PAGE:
Shinko and CEA Leti detailed their presentation entitled “Warpage Control of Silicon Interposer for 2.5D Package Applications”.
Large silicon-interposers when attached to an organic substrate can cause significant warpage problems. Shinko / Leti examined several warpage control techniques including:
- Using a “chip first process” where chips are mounted on the interposer first vs “chip last process” where the silicon-interposer is mounted on the organic substrate first and chips are mounted onto the interposer last.
- using various underfill resins.
- using Sn-57Bi solder and thus lowering peak temperature 45-90 degree C. This reduced warpage after reflow to 75% of that using SAC305.
Comparison of warpage using different assembly sequences is shown below.
Warpage of silicon-interposer using three types of underfills (shown below) for 0 level assembly (micro bumps) is shown below. Maximum warpage using U.F. A1, A2 and A3 were 108, 123 and 132m, respectively. The lowest warpage was obtained at using U.F. A1. With U.F.A3, solder bump open failures were observed. The authors conclude that “… using underfill material with low Tg and high storage modulus for 0 level leads to high reliability”
TSMC and customer Xilinx presented “Reliability Evaluation of a CoWoS-enabled 3D IC Package” which used FEA to study the thermo-mechanical response of the interposer-based package during thermal cycle reliability stressing. Focus was especially on the fatigue failures of the C4 and BGA joints. Experimental data collected on CoWoS test vehicles were used to validate the FEM models. Parametric study of key package material and geometric parameters was performed to analyze their effects on C4 bump thermal cycle reliability. Package materials of interest include UF (underfill), lid and substrate, and the geometric parameters include lid thickness and C4 bump scheme.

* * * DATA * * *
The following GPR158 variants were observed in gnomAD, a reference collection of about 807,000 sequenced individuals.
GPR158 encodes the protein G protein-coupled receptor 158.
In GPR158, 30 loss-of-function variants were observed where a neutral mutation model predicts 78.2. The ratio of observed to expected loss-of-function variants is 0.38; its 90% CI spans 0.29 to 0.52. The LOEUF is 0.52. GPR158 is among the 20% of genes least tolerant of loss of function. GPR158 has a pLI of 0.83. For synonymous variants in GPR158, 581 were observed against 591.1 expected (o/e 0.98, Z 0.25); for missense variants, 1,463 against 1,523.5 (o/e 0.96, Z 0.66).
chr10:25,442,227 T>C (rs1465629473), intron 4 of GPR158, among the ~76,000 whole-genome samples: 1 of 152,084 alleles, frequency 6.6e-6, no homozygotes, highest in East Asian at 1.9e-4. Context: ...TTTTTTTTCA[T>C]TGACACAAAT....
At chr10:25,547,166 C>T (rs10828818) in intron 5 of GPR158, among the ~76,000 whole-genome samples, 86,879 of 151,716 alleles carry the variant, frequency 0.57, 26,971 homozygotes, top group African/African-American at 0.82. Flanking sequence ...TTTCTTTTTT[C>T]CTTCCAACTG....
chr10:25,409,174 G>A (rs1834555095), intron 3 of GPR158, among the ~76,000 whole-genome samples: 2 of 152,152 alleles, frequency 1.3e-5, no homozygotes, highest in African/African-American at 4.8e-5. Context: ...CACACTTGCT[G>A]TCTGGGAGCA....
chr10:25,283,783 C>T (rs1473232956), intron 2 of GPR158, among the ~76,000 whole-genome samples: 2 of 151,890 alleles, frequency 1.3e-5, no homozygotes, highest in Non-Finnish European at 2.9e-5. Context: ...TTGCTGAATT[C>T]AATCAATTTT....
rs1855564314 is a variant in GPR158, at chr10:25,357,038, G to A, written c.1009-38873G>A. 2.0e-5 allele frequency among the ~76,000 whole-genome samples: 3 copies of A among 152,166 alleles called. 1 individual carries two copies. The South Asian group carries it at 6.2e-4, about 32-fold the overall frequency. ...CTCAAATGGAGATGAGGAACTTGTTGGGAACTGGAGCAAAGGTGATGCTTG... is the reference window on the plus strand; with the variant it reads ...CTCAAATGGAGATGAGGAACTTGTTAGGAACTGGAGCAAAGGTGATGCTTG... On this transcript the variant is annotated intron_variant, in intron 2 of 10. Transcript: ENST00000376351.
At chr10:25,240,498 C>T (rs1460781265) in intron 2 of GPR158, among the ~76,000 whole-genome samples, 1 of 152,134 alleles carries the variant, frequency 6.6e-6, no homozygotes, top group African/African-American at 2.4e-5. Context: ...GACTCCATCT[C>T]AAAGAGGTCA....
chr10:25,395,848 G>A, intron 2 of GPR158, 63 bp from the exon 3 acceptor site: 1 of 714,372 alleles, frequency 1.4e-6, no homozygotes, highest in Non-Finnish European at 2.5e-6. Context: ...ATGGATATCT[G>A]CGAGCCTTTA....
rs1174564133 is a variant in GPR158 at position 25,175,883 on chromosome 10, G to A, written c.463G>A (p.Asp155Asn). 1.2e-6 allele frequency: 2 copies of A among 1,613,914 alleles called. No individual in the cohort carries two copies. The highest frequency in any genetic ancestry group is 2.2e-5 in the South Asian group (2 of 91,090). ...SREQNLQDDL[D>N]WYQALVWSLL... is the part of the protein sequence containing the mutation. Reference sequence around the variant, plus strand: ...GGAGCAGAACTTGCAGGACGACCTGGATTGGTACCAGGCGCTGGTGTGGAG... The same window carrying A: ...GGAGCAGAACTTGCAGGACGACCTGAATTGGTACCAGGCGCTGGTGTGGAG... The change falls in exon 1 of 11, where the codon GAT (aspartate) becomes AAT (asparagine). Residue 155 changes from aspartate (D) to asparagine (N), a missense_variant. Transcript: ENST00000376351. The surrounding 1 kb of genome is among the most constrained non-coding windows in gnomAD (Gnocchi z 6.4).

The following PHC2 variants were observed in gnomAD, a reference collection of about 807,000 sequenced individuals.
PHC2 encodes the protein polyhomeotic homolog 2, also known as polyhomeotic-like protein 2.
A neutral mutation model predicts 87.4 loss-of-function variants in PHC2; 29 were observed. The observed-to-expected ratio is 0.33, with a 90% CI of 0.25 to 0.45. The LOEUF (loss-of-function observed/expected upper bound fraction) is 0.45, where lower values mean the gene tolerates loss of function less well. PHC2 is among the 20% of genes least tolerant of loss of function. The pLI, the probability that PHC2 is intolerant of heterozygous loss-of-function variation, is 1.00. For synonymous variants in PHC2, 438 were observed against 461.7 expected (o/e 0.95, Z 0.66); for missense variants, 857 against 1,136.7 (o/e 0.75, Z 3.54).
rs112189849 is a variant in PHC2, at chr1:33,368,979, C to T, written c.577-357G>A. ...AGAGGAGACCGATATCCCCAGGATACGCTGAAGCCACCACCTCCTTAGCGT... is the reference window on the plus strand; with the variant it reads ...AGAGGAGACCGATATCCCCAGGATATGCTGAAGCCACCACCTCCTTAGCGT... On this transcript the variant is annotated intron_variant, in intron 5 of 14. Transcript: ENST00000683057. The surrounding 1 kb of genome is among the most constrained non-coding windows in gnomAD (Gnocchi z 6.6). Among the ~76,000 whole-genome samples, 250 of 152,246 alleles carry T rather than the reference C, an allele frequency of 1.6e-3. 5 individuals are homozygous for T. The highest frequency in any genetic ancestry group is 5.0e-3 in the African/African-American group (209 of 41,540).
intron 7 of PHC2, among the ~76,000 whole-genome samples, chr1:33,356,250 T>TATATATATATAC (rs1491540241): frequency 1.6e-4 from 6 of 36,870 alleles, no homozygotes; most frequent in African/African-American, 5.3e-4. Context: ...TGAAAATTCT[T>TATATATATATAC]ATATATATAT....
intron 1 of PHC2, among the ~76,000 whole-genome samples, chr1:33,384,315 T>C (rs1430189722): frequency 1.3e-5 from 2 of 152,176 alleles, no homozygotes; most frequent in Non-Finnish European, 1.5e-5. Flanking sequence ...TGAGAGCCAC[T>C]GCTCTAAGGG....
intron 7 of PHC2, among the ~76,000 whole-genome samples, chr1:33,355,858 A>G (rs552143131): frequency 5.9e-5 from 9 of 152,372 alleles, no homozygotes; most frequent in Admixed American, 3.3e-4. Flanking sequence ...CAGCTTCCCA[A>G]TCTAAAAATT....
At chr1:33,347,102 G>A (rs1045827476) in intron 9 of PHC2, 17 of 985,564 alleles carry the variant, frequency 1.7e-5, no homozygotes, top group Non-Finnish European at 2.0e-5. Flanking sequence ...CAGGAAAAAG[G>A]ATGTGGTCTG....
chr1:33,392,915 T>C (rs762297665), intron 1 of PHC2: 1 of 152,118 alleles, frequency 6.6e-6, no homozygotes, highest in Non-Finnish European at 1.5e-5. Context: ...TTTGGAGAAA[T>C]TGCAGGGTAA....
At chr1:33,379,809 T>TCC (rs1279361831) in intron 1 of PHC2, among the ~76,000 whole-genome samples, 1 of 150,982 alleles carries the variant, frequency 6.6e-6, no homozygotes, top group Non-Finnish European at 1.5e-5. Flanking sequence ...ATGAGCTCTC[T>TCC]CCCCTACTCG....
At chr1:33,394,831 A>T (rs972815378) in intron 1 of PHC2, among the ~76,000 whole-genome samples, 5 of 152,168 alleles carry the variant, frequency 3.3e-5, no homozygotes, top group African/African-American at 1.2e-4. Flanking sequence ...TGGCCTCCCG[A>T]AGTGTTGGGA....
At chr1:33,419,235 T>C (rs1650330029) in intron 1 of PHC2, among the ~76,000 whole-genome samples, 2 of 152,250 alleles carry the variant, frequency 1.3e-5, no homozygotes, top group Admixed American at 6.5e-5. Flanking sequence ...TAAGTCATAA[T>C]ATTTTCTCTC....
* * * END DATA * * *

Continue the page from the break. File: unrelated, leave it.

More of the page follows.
Results showed that the CoWoS package using AlSiC lid has better C4 bump life than the CoWoS package using Cu lid. While a thicker lid has the higher stiffness and better co-planarity, the higher constraint from the thicker lid induces higher stress inside the package which negatively impacts C4 bump fatigue and the micro-bump Ti/Al delamination.
C4 bump layer underfill with Tg of 70 C or 120 C, were studied. The underfill with lower Tg has higher driving force to C4 bump fatigue. When temperature is above Tg, the underfill has much lower Young’s Modulus which has much lower capability to protect C4 bump; and therefore the underfill with lower Tg has higher driving force to C4 bump fatigue. On the contrary, the underfill with lower Tg has lower driving force to Ti/Al delamination in the micro-bump structure. TheC4 underfill with lower stiffness can play as a buffer layer and results in lower driving force to Ti/Al delamination in microbump.
IMEC reported on “Key Elements for Sub-50μm Pitch Micro Bump Processes”.
Scaling the ubump pitch from hundreds to a few tens of microns is not straightforward. Several process parameters need to be taken into account to allow a reliable Cu(Ni)Sn ubumping process. One of the challenges for fine pitch Cu(Ni)Sn stacking is to obtain a high bump uniformity. The non uniformity prevents Cu and Sn from having good contact and subsequent intermetallic formation and increases the risk of underfill entrapment.